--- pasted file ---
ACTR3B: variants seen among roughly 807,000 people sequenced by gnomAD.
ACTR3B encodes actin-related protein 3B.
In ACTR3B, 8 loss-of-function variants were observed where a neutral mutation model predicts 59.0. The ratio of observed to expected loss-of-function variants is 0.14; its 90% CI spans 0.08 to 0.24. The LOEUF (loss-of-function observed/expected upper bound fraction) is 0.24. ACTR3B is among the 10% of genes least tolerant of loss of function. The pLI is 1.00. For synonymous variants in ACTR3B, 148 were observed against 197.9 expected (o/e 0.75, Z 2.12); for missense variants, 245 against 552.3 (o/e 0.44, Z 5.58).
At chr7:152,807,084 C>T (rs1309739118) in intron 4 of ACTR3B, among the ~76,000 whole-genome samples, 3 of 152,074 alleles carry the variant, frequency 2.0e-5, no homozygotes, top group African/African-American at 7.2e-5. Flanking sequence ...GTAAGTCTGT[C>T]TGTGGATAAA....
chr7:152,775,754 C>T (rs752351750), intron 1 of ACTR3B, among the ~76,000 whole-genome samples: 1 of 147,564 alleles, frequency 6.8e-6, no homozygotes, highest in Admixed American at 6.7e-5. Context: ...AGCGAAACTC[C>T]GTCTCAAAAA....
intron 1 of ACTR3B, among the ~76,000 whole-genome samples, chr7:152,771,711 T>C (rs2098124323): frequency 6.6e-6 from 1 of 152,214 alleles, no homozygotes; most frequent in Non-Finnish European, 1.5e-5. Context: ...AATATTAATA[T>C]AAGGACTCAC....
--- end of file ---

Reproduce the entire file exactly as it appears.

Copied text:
ACTR3B: variants seen among roughly 807,000 people sequenced by gnomAD.
ACTR3B encodes actin-related protein 3B.
In ACTR3B, 8 loss-of-function variants were observed where a neutral mutation model predicts 59.0. The ratio of observed to expected loss-of-function variants is 0.14; its 90% CI spans 0.08 to 0.24. The LOEUF (loss-of-function observed/expected upper bound fraction) is 0.24. ACTR3B is among the 10% of genes least tolerant of loss of function. The pLI is 1.00. For synonymous variants in ACTR3B, 148 were observed against 197.9 expected (o/e 0.75, Z 2.12); for missense variants, 245 against 552.3 (o/e 0.44, Z 5.58).
At chr7:152,807,084 C>T (rs1309739118) in intron 4 of ACTR3B, among the ~76,000 whole-genome samples, 3 of 152,074 alleles carry the variant, frequency 2.0e-5, no homozygotes, top group African/African-American at 7.2e-5. Flanking sequence ...GTAAGTCTGT[C>T]TGTGGATAAA....
chr7:152,775,754 C>T (rs752351750), intron 1 of ACTR3B, among the ~76,000 whole-genome samples: 1 of 147,564 alleles, frequency 6.8e-6, no homozygotes, highest in Admixed American at 6.7e-5. Context: ...AGCGAAACTC[C>T]GTCTCAAAAA....
intron 1 of ACTR3B, among the ~76,000 whole-genome samples, chr7:152,771,711 T>C (rs2098124323): frequency 6.6e-6 from 1 of 152,214 alleles, no homozygotes; most frequent in Non-Finnish European, 1.5e-5. Context: ...AATATTAATA[T>C]AAGGACTCAC....